Frugal Dinners: Making Dumplings

One of my big time and money saving tips for food is batch cooking ahead of time.  I usually cook a big, huge meal once a week for the rest of the weekdays.   Then I package them in tupperware (freeze the extra’s, if any), and eat the portions through out the week for lunch and dinners.  This works if you don’t mind eating the same thing the entire week.  If not, then try freezing some portions for next time.

Since my college days, I’ve been a huge fan of dumplings.  Some of my friends’ parents would bring them packages upon packages of the frozen ones from Chinese supermarkets, and I would drool a little inside.

Now that I’ve been working full-time, I find that having these frozen dumplings are a huge time and money saver.  I’ve gone through enough brands to know which ones are the “good” ones.  That is, they have actual meat and are not packed with fat. Yuck.

Usually, when I get them on sale they are 5 packages for $10.  Each package contains 10 dumplings (sometimes, 11).  And one package is usually enough for one meal.  After a long day at work, I just take them out of the freezer and half sear and half steam them.  Then, I dunk them into my home-made sauce of soy sauce, vinegar, sesame oil and hot sauce.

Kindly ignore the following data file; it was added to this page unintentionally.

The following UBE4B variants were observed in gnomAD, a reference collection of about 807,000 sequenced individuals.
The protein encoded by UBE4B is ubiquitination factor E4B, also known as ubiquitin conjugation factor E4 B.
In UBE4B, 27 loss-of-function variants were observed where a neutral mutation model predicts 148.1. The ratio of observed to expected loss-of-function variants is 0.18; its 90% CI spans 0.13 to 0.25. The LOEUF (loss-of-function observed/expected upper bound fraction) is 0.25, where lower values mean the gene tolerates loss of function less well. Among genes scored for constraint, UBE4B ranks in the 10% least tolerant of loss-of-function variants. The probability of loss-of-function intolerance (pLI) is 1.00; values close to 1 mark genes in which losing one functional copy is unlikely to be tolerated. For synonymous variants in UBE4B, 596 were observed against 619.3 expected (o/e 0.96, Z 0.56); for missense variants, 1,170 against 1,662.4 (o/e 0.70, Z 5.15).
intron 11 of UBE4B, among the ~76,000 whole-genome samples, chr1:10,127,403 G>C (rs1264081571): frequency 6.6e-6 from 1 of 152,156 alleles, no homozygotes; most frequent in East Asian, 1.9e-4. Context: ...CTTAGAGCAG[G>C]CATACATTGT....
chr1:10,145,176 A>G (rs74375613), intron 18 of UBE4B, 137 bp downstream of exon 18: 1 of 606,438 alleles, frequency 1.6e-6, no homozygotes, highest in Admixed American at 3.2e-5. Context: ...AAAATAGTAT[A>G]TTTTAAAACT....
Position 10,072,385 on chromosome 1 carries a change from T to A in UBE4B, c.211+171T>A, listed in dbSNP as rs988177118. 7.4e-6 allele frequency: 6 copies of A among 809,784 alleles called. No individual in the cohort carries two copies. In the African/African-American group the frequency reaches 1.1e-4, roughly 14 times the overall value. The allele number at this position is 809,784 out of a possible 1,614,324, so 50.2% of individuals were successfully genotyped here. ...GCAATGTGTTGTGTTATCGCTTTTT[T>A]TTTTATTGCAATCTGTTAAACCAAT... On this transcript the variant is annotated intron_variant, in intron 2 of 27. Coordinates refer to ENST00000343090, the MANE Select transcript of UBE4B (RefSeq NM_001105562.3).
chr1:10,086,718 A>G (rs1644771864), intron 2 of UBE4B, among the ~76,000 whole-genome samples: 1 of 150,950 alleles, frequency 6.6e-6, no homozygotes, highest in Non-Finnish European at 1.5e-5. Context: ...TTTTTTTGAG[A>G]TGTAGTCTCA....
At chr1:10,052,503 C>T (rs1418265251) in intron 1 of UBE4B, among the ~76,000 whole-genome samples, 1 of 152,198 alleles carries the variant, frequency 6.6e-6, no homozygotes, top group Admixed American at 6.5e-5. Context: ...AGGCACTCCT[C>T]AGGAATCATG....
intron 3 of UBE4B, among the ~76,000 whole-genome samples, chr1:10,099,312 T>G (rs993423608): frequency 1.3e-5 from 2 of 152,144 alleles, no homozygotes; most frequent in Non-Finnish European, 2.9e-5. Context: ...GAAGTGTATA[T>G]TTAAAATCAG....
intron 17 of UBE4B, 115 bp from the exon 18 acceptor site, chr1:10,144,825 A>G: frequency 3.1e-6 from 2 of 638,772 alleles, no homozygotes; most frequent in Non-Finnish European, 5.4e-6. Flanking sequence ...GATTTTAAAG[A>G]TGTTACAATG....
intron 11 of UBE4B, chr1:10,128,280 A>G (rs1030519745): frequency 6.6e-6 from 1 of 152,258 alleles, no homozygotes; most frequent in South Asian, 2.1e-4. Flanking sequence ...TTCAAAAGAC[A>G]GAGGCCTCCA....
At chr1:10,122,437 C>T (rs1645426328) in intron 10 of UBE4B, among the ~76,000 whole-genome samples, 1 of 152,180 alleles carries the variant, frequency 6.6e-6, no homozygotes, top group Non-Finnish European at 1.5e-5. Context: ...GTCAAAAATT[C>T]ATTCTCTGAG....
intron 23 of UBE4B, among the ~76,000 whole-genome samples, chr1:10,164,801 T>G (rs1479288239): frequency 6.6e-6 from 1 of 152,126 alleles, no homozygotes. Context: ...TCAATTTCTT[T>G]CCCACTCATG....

One time, while grocery shopping with my dad, he noticed how much I was stocking up on these frozen dumplings.  (They were on sale!)  He had valid point, which was it was processed and I had no idea what they really put in it.  Good meat, bad meat, rubbish filler, etc.  So, I put back the 10 packages I grabbed and just got enough to split the deal with my sister.

I didn’t buy any more frozen dumplings after that.  I didn’t want to think about what kind of ingredients the makes might have used – it could be bad stuff.  But since I loved dumplings so much, I decided to try making my own frozen dumplings.  It was easy and fun.